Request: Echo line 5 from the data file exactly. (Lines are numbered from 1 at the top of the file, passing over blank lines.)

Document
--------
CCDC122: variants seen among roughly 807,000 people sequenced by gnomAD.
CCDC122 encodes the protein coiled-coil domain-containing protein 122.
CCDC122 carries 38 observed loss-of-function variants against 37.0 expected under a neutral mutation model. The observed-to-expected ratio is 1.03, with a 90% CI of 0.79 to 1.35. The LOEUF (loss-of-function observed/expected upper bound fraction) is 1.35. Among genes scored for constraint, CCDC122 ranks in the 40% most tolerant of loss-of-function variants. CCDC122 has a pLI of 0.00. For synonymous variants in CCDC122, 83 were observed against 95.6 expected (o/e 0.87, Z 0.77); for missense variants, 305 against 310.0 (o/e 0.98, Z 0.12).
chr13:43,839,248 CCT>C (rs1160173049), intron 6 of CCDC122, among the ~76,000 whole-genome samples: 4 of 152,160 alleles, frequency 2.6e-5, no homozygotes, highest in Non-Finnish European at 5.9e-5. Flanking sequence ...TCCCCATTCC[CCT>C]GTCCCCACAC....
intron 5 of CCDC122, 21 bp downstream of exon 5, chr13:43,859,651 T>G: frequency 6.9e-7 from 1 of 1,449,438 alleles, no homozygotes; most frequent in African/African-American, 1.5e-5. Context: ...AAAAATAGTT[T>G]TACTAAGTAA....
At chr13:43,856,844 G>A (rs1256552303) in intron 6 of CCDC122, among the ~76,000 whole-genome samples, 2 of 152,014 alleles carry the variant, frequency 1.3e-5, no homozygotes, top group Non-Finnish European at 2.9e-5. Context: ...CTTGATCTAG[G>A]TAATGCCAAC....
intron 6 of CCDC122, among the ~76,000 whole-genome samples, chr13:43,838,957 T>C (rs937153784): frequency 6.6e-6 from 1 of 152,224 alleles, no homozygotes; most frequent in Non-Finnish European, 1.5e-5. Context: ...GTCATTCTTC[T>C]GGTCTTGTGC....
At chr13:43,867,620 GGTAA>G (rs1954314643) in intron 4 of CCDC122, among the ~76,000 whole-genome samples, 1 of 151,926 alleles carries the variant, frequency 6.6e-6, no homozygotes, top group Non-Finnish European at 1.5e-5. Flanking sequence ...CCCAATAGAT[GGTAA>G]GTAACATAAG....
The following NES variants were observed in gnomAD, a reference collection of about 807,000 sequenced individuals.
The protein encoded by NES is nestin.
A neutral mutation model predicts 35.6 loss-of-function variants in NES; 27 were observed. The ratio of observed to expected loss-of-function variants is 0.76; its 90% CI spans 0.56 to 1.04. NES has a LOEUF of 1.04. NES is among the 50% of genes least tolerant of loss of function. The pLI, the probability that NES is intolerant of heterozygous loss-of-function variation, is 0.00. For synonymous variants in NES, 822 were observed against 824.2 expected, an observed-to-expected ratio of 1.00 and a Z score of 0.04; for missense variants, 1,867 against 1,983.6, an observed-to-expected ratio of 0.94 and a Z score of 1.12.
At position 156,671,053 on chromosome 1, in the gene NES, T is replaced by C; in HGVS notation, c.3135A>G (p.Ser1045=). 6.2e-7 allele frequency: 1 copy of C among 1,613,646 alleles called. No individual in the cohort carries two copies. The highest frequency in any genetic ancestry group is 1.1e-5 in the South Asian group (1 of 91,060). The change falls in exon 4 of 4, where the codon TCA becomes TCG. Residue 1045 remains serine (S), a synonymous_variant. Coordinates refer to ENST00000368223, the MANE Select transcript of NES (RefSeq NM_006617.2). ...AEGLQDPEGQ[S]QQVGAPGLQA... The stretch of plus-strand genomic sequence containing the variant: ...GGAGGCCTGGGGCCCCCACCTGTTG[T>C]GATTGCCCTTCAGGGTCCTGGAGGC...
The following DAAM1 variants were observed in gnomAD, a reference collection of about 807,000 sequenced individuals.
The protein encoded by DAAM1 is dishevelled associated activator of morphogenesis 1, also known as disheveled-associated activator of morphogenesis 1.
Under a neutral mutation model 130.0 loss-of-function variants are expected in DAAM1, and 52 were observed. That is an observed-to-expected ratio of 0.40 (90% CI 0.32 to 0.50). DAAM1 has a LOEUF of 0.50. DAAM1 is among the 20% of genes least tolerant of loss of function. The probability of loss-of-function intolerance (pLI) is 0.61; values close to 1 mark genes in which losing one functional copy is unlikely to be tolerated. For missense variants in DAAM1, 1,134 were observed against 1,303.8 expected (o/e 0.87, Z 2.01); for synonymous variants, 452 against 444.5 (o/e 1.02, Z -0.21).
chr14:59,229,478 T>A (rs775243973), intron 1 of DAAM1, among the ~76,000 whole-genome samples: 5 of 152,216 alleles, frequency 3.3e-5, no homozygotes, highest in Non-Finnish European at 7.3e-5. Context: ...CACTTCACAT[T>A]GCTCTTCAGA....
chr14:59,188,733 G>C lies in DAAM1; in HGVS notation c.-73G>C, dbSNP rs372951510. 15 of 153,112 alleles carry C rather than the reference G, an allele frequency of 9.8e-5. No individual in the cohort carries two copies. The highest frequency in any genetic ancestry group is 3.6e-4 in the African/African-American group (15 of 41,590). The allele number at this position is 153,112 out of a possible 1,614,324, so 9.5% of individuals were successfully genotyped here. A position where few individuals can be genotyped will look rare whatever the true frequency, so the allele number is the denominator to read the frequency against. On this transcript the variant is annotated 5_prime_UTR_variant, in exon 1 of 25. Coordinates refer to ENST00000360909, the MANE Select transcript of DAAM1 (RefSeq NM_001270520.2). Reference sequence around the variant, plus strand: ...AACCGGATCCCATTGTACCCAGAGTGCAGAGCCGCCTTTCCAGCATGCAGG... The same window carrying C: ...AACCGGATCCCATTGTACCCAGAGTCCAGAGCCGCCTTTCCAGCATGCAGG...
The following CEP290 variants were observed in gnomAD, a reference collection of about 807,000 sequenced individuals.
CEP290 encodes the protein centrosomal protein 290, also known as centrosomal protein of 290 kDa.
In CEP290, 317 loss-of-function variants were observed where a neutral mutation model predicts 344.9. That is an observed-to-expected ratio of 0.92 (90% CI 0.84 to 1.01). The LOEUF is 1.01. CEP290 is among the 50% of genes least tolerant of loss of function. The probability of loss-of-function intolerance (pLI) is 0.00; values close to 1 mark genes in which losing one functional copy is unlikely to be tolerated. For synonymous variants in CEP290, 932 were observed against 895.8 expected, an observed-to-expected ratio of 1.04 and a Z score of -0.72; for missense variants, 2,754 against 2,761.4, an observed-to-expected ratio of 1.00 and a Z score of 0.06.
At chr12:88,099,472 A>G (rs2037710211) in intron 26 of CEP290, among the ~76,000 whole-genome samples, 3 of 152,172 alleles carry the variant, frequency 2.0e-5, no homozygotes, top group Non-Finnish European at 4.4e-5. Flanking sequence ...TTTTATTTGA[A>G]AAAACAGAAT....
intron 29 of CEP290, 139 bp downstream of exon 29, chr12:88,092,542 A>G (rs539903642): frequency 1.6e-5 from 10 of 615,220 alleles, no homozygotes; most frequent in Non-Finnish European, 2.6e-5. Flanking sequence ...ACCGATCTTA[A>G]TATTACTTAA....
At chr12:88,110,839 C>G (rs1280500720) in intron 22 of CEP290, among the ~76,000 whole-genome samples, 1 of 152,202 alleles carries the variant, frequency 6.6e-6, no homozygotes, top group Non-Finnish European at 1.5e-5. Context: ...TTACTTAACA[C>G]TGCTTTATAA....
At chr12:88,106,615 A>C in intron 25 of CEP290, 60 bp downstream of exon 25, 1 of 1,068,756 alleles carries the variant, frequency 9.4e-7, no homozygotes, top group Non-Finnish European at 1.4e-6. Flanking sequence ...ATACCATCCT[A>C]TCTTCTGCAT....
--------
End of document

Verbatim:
intron 5 of CCDC122, 21 bp downstream of exon 5, chr13:43,859,651 T>G: frequency 6.9e-7 from 1 of 1,449,438 alleles, no homozygotes; most frequent in African/African-American, 1.5e-5. Context: ...AAAAATAGTT[T>G]TACTAAGTAA....